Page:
Do not use trademarked or copyrighted terms. (We'll have a whole post about that later, don't worry!). For example, you should not use the brand name "Crayola" in your store name, because you don't have the rights to it. Yes, "Crayola Creations" sounds cute and it's alliterated, etc.--don't do it. (Keep in mind--just because you see another seller do this does NOT mean it's okay; more on that in a future post).

Don't stress too much about making your store name reflect your niche, especially as you probably don't even fully know what your niche is at this point. Personally, I would recommend not boxing yourself in too much with your name. When I started my store, I taught Pre-K Unified (special ed and general ed in the same room). Since then, I have started teaching first grade and, therefore, expanded my market. I'm glad I didn't choose a name with "Pre-K" in the title.

Make it unique! Your store name doesn't have to necessarily reflect something school related. My store name is Apples to Applique. I've debated before on changing it because applique doesn't have anything to do with school, but it is personal to me. The name stemmed from my two greatest passions outside of my family: teaching and sewing. It reflects who I am, and I never have to worry about another seller having my name! Think of well-known companies that have strange names: Etsy, Google, Amazon--you get the idea. None of those reflect what they are or what they sell, yet that hasn't stopped their success.


2. Creating a Logo

This is not really a necessity to get started, but I highly recommend it. Would you rather purchase something from a new store that had an attractive and professional logo, or a new store that had a "placeholder" of sorts--or, worse yet, just the gray image indicating that they hadn't uploaded a logo of any kind? 

Some sellers choose to use a picture of themselves in lieu of a logo; they often argue it makes their store seem more personable, as buyers realize there is a person behind the business. I'm sure that is a valid point; personally, I feel that a logo looks more professional and I would rather not have my face on all of my products, but you choose whatever feels right to you. You will find big, successful sellers on both sides of this, so it is not going to make or break your store.

If you decide to go with a logo, you can find other sellers on TPT or find artists on sites like Fiverr who will design logos for you for a minimal fee. If you're designing it yourself, keep in mind that you must use a commercial-use font and, if you use clip art, you want to be sure the artist allows for it to be used in logos (not all commercial-use clip art may be used in this way). If using clip art, another consideration is that you want your logo to be unique; you don't really want the clip art in your logo also being used in other people's products, so having something designed specifically for your store is probably the best route.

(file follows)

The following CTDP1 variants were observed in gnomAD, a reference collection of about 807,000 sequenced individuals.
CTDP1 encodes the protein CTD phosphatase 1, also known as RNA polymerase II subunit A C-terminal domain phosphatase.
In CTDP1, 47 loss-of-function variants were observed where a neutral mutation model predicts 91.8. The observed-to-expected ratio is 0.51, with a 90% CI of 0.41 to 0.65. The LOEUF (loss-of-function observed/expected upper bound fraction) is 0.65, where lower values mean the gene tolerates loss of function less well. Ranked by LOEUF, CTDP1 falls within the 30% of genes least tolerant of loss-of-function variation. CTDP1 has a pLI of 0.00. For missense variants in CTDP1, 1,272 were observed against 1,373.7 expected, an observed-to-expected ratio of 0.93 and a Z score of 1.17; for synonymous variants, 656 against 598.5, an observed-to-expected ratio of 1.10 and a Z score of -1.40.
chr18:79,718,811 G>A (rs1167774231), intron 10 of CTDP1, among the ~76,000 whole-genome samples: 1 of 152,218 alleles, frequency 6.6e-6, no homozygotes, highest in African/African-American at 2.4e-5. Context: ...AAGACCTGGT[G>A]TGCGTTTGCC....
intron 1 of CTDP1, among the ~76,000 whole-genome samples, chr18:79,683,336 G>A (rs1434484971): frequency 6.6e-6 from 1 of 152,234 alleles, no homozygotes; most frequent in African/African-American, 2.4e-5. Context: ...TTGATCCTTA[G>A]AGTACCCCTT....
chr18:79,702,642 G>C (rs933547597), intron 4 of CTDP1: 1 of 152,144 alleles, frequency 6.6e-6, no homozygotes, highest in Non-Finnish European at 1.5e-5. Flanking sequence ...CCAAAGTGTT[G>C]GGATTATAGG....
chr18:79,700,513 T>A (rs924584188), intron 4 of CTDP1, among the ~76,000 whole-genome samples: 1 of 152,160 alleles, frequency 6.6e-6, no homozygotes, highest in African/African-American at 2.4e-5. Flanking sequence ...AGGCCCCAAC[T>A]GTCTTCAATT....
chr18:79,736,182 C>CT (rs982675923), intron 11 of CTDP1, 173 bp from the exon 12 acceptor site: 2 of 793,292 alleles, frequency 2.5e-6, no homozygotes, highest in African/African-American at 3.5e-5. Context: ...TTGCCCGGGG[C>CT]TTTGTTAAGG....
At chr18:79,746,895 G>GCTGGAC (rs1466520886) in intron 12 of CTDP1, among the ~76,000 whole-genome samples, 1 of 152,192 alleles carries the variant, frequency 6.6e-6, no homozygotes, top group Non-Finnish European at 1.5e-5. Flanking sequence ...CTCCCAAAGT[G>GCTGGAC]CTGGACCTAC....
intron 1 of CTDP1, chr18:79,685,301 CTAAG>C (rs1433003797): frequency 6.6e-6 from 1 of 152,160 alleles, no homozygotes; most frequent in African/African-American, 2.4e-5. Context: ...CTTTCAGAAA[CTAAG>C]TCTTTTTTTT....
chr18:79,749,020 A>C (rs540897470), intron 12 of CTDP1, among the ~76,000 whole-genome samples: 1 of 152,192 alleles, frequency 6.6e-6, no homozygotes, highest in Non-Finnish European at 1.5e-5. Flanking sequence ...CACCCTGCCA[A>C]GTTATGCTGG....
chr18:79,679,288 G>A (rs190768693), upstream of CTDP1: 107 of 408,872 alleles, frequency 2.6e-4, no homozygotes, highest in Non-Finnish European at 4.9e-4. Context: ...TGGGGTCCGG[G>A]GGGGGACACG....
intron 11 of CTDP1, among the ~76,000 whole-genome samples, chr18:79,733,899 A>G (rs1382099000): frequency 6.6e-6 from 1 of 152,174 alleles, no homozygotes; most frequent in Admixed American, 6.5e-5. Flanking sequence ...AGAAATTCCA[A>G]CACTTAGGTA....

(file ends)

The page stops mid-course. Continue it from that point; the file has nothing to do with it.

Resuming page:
One last reminder: Logos can be changed! Get something you like, but don't stress too much. Stores rebrand all the time, and you can, too, if  you decide in the future that you want to update your look.

3. That Scary First Product

TPT requires your first product to be free. I found this a little frustrating when I opened my store, because I didn't want to give away the product I had intended to list, so that meant I was scrambling to come up with a second product right away.

Here are a couple of things to keep in mind with that first product:

Keep it simple, yet a good representation of your work. When I listed mine, I just randomly threw together something quick and easy to "check the box", if you will. You can totally go that route, but since you know about it ahead of time, you can be more strategic about it. Giving away a sample of a larger product is a great approach; for example, if you have alphabet handwriting pages, you could list just pages A-E for free, with the hope that people will love it and then purchase the complete product.

This product can be changed later! I created a series of number talks and decided to make a free sample so teachers could try it and decide if it would be a good fit for their classroom. I opted to make this my primary free item because it is a better representation of my work than my original free item.

Keep it short. TPT recommends that free items not be more than 10 pages, and, as a general rule, I agree! (My number talks sample is the only one I have that is larger than that, and that is because I wanted teachers to get a sample of each included number talk, which was greater than 10). If you offer too much for free or at too cheap of a price, your buyers will not see the need to purchase your other items at regular price. You know those stores that have really frequent sales or 50% off coupons, so much so that you never pay regular price for anything? You don't want that for your store.

I feel like I have probably overwhelmed you with information, so we will stop here for today. Take a breath and just let these thoughts ruminate for a bit. Start thinking about your name, logo, and free product so that you are not overwhelmed with those things when you go to open your store. If you come up with a great name, go ahead and start your TPT seller account with that name! You might also open a free Gmail account with your store name; it adds another layer of separation between your personal life and your store, and provides a great avenue for buyers to contact you as needed.